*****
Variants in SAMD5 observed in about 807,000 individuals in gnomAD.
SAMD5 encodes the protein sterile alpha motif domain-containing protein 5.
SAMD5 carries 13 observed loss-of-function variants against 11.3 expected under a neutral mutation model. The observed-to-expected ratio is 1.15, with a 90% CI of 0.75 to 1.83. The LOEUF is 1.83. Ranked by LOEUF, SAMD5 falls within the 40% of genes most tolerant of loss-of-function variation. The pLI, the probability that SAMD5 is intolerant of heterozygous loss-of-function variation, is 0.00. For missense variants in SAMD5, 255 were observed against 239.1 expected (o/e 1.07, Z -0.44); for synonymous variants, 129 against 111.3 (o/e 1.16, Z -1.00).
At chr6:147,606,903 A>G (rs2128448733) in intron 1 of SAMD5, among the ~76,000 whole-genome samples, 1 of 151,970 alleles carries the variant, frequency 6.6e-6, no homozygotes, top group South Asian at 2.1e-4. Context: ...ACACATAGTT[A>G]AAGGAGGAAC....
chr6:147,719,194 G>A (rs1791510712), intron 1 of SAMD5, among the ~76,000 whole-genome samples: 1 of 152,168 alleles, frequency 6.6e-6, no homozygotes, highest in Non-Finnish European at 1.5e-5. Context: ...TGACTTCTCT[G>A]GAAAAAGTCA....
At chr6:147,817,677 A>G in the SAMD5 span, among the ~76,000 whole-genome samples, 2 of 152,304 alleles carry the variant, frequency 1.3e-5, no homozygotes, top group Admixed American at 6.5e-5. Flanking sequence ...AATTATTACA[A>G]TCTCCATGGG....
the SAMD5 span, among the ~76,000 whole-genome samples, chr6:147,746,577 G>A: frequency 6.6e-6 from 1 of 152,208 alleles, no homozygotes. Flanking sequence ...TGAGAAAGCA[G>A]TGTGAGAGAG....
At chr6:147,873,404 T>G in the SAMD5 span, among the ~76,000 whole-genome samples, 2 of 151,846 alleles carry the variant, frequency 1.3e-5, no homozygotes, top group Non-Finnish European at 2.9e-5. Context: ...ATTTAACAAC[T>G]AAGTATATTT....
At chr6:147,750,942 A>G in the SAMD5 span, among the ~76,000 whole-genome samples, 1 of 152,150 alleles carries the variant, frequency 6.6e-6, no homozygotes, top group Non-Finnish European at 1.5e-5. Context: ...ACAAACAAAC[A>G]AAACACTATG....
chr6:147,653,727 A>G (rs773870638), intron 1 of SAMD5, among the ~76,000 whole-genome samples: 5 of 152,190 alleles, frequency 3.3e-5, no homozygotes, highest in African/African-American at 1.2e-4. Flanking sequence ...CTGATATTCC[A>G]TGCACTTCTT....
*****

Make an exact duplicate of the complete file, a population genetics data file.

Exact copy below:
Variants in SAMD5 observed in about 807,000 individuals in gnomAD.
SAMD5 encodes the protein sterile alpha motif domain-containing protein 5.
SAMD5 carries 13 observed loss-of-function variants against 11.3 expected under a neutral mutation model. The observed-to-expected ratio is 1.15, with a 90% CI of 0.75 to 1.83. The LOEUF is 1.83. Ranked by LOEUF, SAMD5 falls within the 40% of genes most tolerant of loss-of-function variation. The pLI, the probability that SAMD5 is intolerant of heterozygous loss-of-function variation, is 0.00. For missense variants in SAMD5, 255 were observed against 239.1 expected (o/e 1.07, Z -0.44); for synonymous variants, 129 against 111.3 (o/e 1.16, Z -1.00).
At chr6:147,606,903 A>G (rs2128448733) in intron 1 of SAMD5, among the ~76,000 whole-genome samples, 1 of 151,970 alleles carries the variant, frequency 6.6e-6, no homozygotes, top group South Asian at 2.1e-4. Context: ...ACACATAGTT[A>G]AAGGAGGAAC....
chr6:147,719,194 G>A (rs1791510712), intron 1 of SAMD5, among the ~76,000 whole-genome samples: 1 of 152,168 alleles, frequency 6.6e-6, no homozygotes, highest in Non-Finnish European at 1.5e-5. Context: ...TGACTTCTCT[G>A]GAAAAAGTCA....
At chr6:147,817,677 A>G in the SAMD5 span, among the ~76,000 whole-genome samples, 2 of 152,304 alleles carry the variant, frequency 1.3e-5, no homozygotes, top group Admixed American at 6.5e-5. Flanking sequence ...AATTATTACA[A>G]TCTCCATGGG....
the SAMD5 span, among the ~76,000 whole-genome samples, chr6:147,746,577 G>A: frequency 6.6e-6 from 1 of 152,208 alleles, no homozygotes. Flanking sequence ...TGAGAAAGCA[G>A]TGTGAGAGAG....
At chr6:147,873,404 T>G in the SAMD5 span, among the ~76,000 whole-genome samples, 2 of 151,846 alleles carry the variant, frequency 1.3e-5, no homozygotes, top group Non-Finnish European at 2.9e-5. Context: ...ATTTAACAAC[T>G]AAGTATATTT....
At chr6:147,750,942 A>G in the SAMD5 span, among the ~76,000 whole-genome samples, 1 of 152,150 alleles carries the variant, frequency 6.6e-6, no homozygotes, top group Non-Finnish European at 1.5e-5. Context: ...ACAAACAAAC[A>G]AAACACTATG....
chr6:147,653,727 A>G (rs773870638), intron 1 of SAMD5, among the ~76,000 whole-genome samples: 5 of 152,190 alleles, frequency 3.3e-5, no homozygotes, highest in African/African-American at 1.2e-4. Flanking sequence ...CTGATATTCC[A>G]TGCACTTCTT....